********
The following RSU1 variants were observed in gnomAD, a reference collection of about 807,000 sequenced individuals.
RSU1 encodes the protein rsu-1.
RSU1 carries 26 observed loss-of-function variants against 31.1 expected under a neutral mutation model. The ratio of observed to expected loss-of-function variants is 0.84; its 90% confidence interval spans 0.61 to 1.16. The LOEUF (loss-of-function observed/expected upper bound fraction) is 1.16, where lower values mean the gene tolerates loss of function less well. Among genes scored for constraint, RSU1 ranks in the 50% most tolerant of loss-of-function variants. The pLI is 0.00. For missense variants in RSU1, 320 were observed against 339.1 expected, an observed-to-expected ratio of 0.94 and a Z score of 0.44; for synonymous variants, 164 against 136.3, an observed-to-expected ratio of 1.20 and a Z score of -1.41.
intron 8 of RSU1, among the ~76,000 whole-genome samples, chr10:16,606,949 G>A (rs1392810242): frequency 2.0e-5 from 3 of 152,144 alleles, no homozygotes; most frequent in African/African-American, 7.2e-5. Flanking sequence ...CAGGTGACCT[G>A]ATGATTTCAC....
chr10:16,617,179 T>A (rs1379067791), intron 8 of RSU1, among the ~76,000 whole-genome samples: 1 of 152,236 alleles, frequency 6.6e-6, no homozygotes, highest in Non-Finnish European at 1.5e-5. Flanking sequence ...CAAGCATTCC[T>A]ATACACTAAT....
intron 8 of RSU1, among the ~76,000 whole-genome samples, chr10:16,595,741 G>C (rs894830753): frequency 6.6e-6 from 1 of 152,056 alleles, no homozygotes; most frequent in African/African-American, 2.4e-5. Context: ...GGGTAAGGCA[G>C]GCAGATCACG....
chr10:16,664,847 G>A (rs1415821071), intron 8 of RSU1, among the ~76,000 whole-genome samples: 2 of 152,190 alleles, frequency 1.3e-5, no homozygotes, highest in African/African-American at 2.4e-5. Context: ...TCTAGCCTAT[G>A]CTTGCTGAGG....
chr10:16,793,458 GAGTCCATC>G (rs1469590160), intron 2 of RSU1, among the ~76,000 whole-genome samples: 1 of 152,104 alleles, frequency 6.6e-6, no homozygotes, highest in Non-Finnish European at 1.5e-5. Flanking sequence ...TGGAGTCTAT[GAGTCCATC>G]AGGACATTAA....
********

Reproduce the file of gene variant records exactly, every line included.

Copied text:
The following RSU1 variants were observed in gnomAD, a reference collection of about 807,000 sequenced individuals.
RSU1 encodes the protein rsu-1.
RSU1 carries 26 observed loss-of-function variants against 31.1 expected under a neutral mutation model. The ratio of observed to expected loss-of-function variants is 0.84; its 90% confidence interval spans 0.61 to 1.16. The LOEUF (loss-of-function observed/expected upper bound fraction) is 1.16, where lower values mean the gene tolerates loss of function less well. Among genes scored for constraint, RSU1 ranks in the 50% most tolerant of loss-of-function variants. The pLI is 0.00. For missense variants in RSU1, 320 were observed against 339.1 expected, an observed-to-expected ratio of 0.94 and a Z score of 0.44; for synonymous variants, 164 against 136.3, an observed-to-expected ratio of 1.20 and a Z score of -1.41.
intron 8 of RSU1, among the ~76,000 whole-genome samples, chr10:16,606,949 G>A (rs1392810242): frequency 2.0e-5 from 3 of 152,144 alleles, no homozygotes; most frequent in African/African-American, 7.2e-5. Flanking sequence ...CAGGTGACCT[G>A]ATGATTTCAC....
chr10:16,617,179 T>A (rs1379067791), intron 8 of RSU1, among the ~76,000 whole-genome samples: 1 of 152,236 alleles, frequency 6.6e-6, no homozygotes, highest in Non-Finnish European at 1.5e-5. Flanking sequence ...CAAGCATTCC[T>A]ATACACTAAT....
intron 8 of RSU1, among the ~76,000 whole-genome samples, chr10:16,595,741 G>C (rs894830753): frequency 6.6e-6 from 1 of 152,056 alleles, no homozygotes; most frequent in African/African-American, 2.4e-5. Context: ...GGGTAAGGCA[G>C]GCAGATCACG....
chr10:16,664,847 G>A (rs1415821071), intron 8 of RSU1, among the ~76,000 whole-genome samples: 2 of 152,190 alleles, frequency 1.3e-5, no homozygotes, highest in African/African-American at 2.4e-5. Context: ...TCTAGCCTAT[G>A]CTTGCTGAGG....
chr10:16,793,458 GAGTCCATC>G (rs1469590160), intron 2 of RSU1, among the ~76,000 whole-genome samples: 1 of 152,104 alleles, frequency 6.6e-6, no homozygotes, highest in Non-Finnish European at 1.5e-5. Flanking sequence ...TGGAGTCTAT[GAGTCCATC>G]AGGACATTAA....